• Emergency Fund – What will you do if you get sick, have a true financial emergency, or need to access cash in a hurry?  If you set aside 3 to 6 months of your living expenses, you won’t be dependent upon your dispatcher for cash if something comes up.  This is especially important when your dispatcher slips out the door for lunch on a Friday afternoon and then goes AWOL for the rest of the weekend –leaving you high, dry, and penniless until he or she returns the following Monday morning.
  • Disability Insurance – It’s important that you get disability insurance, especially if you plan on becoming an owner/operator.  If you get sick or injure yourself, you will need cash for everyday living expenses as well as having the means to continue making your truck payment while you are out of commission.  You may have an emergency fund, but that money will be siphoned off in record time – especially if you have a truck payment to make each month.
  • Life Insurance – If you have dependents or other financial obligations, you need to have some life insurance in place to pay these debts and provide for the future financial needs of your loved ones in the event that you exit stage left before you are old and ready to step into eternity.  Term life insurance is extremely cheap and is a much less expensive alternative than signing up for credit life insurance for your truck loan.
  • Credit – Finally, your overall credit situation paints a vivid picture about the overall state of your financial health.  Just as your blood acts as the conduit for transferring oxygen throughout your body, your credit rating affects your ability to access the capital you will need for equipment, fuel cards, credit cards, etc.  Before attempting to obtain truck financing, it is important that you eliminate or minimize any hurdles that could prevent your credit application from being approved. Checking your credit report for inaccuracies, clearing any judgements, unpaid bills, and ensuring that you aren’t carrying too much personal debt can improve your chances of being approved for truck financing – and achieving your goal of becoming an owner/operator.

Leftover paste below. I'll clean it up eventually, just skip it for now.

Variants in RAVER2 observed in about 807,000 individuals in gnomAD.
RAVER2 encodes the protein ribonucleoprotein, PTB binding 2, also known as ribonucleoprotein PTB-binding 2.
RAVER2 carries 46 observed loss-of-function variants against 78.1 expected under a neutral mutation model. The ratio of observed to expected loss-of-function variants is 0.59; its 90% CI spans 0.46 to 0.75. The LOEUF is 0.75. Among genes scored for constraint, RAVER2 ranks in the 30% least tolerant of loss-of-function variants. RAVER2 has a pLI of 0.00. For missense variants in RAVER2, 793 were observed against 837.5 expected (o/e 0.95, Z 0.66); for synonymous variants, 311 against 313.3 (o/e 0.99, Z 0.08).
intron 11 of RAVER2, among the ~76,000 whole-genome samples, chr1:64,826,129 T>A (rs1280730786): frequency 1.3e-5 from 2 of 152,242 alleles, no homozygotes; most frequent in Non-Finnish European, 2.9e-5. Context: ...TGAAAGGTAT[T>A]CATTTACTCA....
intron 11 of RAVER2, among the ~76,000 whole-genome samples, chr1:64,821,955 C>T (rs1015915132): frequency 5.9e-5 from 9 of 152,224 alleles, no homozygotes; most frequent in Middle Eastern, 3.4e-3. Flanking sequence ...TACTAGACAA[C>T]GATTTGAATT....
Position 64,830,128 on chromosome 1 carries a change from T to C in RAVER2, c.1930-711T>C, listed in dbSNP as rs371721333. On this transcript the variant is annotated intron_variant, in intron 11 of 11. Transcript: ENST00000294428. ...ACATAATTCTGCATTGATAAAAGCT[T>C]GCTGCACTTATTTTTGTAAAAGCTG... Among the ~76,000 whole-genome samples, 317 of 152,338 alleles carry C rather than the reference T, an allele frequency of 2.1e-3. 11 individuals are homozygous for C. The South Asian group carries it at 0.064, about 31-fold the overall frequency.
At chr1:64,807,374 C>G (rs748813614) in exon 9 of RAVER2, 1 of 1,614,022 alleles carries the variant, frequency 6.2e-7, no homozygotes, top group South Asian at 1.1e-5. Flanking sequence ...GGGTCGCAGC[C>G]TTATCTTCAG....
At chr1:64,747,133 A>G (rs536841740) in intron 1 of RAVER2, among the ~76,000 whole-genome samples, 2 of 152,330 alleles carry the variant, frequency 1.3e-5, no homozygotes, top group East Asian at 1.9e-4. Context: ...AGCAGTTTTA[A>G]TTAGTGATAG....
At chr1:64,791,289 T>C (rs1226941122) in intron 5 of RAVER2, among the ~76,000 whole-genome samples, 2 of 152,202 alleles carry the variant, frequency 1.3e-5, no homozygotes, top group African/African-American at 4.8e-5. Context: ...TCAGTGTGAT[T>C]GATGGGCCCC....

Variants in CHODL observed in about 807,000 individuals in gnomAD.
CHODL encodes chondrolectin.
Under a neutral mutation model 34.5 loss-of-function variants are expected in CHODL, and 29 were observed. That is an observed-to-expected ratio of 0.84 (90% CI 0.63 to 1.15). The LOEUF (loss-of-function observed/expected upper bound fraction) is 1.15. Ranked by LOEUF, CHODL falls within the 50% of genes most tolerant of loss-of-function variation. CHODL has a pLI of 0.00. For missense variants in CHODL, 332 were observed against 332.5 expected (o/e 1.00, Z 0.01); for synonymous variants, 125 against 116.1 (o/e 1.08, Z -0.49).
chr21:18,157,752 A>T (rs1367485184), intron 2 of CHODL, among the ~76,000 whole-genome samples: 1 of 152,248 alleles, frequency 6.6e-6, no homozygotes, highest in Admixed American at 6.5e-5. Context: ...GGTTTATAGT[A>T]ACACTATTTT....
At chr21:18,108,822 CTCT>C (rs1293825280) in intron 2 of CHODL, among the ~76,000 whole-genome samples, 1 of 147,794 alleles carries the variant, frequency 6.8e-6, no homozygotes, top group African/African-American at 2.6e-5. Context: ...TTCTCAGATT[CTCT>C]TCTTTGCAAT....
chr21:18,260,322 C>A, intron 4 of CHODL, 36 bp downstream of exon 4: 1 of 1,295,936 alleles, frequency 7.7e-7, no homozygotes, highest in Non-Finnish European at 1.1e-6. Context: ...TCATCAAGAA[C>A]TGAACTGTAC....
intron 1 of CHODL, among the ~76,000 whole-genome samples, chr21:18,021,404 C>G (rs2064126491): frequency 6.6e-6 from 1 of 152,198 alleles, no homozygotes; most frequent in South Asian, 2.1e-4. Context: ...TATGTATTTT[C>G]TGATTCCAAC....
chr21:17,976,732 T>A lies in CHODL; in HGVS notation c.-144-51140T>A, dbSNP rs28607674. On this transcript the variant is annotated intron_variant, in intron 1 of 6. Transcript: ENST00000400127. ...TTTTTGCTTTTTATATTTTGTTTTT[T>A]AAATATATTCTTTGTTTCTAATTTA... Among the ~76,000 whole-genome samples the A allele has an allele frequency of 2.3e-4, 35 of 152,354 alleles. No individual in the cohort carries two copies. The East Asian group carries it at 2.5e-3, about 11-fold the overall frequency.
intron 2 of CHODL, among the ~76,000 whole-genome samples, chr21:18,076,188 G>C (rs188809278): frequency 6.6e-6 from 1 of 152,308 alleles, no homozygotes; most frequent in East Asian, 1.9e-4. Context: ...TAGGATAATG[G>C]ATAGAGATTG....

3. Go Independent – or Lease to a Company?

One of the most important questions that you need to answer is, “Do I truly want to be independent or do I want to lease on to a carrier?”  While the answer to this question is neither easy nor short, there is a right answer.  Unfortunately, this is a decision that can’t be made for you.  Because no two truckers are alike, you will have to weigh the pros and the cons and make the best decision for you and your trucking business.

Some truckers would prefer to be beaten about the head with a hammer than give up their independence by leasing onto a company, while others prefer the security of knowing that they will have a more consistent base of freight from which to get loads.

Major benefits of being an independent owner/operator are that you can:

  • Select the loads and lanes that best suit you and your lifestyle
  • Not have to deal with company politics, dispatcher favoritism, and policies with which you might not always agree
  • Decide when you run and when you don’t
  • Take responsibility for load selection and not face possible dispatcher retaliation for refusing a particular load that might not be to your liking

However, leasing your truck onto another carrier has some advantages as well:

  • Access (in most cases) to company-provided fuel cards, advances, and money transfer systems
  • Company-provided trailers
  • Load and freight consistency (and more loaded miles)
  • Access (in most cases) to fleet rates on the insurance you will need to operate your truck
  • In many cases, company-paid or reimbursed tolls, plates, and permits
  • Not having to worry about obtaining your own operating authority

These factors will weigh heavily on your decision-making process because they will also impact the income you can generate with your truck.  Leasing onto a large carrier usually means that you will earn less per mile with your truck, but in many cases that deficit can be partially absorbed by reduced deadhead miles, less sitting around waiting for loads, and company-negotiated pricing discounts on certain items such as fuel, tires, and parts.

The only way to know for sure which way is best for you is to crunch the numbers and see how things turn out for you.  Because no two drivers are the same, this is your decision to make, based upon a massive list of factors and variables that can vary from company to company, driver to driver, and even day to day.

4. Equipment

The type of equipment you choose to run, the type of operation you have, and the way you drive will be a determining factor in your profitability.  You might prefer the sleek looks and the classic styling of a long-nosed Peterbilt or KW, but can your business afford to look good at the expense of profitability and fuel economy?

Other factors to consider include:

  • Age of truck (including mileage, warranty, and amenities)
  • Your area of operation
  • How long you’ll be out (more frequent trips home generally means you might be willing to forego some creature comforts in exchange for a lower price)
  • Fuel economy

There are no hard and fast rules when it comes to being an owner/operator and selecting the equipment that you will operate.  Horsepower, torque, transmissions, engines, driving style, and the cost of tea in China (OK – that might be a stretch but you get the point) all contribute to your bottom line, but the habits and driving style of the the man or woman behind the wheel can also play a huge role in profitability.